[VIDEO] Forwarding Policy

Once a Cloud Connector is up and operational, traffic will be directed to it via cloud routing. This is generally done through a simple default route. Regardless, after traffic has reached the Cloud Connector, there are three Forwarding policy types available to direct traffic out of the cloud: Traffic Forwarding, Log and Control, and DNS Policies.

  • Log and Control Policies allow an administrator to identify control-plane traffic from specific cloud locations and redirect this traffic to a specified Zscaler Logging Gateway. Generally speaking, Zscaler recommends that this option be adjusted only under the supervision of Zscaler support, however, since the appliance will automatically select a Log and Control Gateway that compliments the Data Plane PoP chosen.
  • DNS Policies find their usefulness with regards to ZPA use-cases. As discussed in other videos, the Cloud Connector must see DNS traffic from workload machines in order to proxy their traffic within ZPA. The traffic is proxied via synthetic IP addressing hosted within the Cloud Connector. Administrators can use DNS Policies to allow, block, and forward DNS requests for ZPA-bound traffic. Furthermore, when forwarding to ZPA, DNS Policies also allow the administrator to specify the synthetic IP ranges used.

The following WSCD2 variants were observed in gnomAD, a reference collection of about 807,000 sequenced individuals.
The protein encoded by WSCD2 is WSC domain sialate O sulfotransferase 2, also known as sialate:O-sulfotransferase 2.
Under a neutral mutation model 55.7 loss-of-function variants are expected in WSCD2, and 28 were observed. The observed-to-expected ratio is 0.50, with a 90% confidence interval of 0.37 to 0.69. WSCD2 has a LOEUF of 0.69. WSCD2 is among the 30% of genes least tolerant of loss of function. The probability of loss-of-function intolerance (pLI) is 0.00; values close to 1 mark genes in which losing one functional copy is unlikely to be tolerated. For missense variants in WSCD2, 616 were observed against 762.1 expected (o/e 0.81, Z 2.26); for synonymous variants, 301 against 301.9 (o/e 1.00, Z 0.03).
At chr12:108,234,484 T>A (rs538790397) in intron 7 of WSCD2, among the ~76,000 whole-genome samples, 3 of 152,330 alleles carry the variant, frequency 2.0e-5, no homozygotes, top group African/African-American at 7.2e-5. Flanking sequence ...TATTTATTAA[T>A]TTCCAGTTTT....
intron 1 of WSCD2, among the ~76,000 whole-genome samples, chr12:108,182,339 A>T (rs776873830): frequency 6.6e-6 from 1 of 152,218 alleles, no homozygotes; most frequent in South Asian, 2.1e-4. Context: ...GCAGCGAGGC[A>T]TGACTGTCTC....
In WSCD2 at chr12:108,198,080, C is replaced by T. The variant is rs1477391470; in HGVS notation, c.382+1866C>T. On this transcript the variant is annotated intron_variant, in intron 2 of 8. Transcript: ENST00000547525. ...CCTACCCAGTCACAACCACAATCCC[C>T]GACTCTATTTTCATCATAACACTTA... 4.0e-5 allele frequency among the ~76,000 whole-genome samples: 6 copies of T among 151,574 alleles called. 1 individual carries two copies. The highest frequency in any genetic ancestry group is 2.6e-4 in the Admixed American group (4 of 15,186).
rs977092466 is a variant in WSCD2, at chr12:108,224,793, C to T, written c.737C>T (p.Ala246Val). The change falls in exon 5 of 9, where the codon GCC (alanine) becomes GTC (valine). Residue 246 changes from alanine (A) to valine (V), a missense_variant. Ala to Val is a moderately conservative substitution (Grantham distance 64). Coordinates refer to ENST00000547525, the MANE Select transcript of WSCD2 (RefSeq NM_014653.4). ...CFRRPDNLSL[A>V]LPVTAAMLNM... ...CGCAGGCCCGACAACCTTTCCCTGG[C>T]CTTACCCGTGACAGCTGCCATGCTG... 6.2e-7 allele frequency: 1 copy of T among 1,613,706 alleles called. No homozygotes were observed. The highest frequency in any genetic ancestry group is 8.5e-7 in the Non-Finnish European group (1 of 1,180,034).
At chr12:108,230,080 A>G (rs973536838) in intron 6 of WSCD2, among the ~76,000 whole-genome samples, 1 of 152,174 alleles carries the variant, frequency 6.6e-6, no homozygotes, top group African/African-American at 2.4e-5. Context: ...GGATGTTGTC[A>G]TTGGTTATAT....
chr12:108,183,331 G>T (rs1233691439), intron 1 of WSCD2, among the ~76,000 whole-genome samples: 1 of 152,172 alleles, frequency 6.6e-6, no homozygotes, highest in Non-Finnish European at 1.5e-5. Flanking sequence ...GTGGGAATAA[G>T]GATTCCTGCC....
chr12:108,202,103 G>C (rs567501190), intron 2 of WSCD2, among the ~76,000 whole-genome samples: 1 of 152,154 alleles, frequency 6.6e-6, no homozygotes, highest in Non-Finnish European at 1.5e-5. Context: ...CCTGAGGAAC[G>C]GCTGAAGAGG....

• Traffic Forwarding Policies are by far the most common policy adjustment that a customer may wish to entertain. These policies allow administrators to influence how data plane traffic is directed through the Cloud Connector.

In this video, we’ll explore:
[0:00 to 3:25] Overview of Forwarding Policies and policy types
[3:25 to 7:01] Configuring Traffic Forwarding rules
[7:01 to 7:55] Key Takeaways

Transcript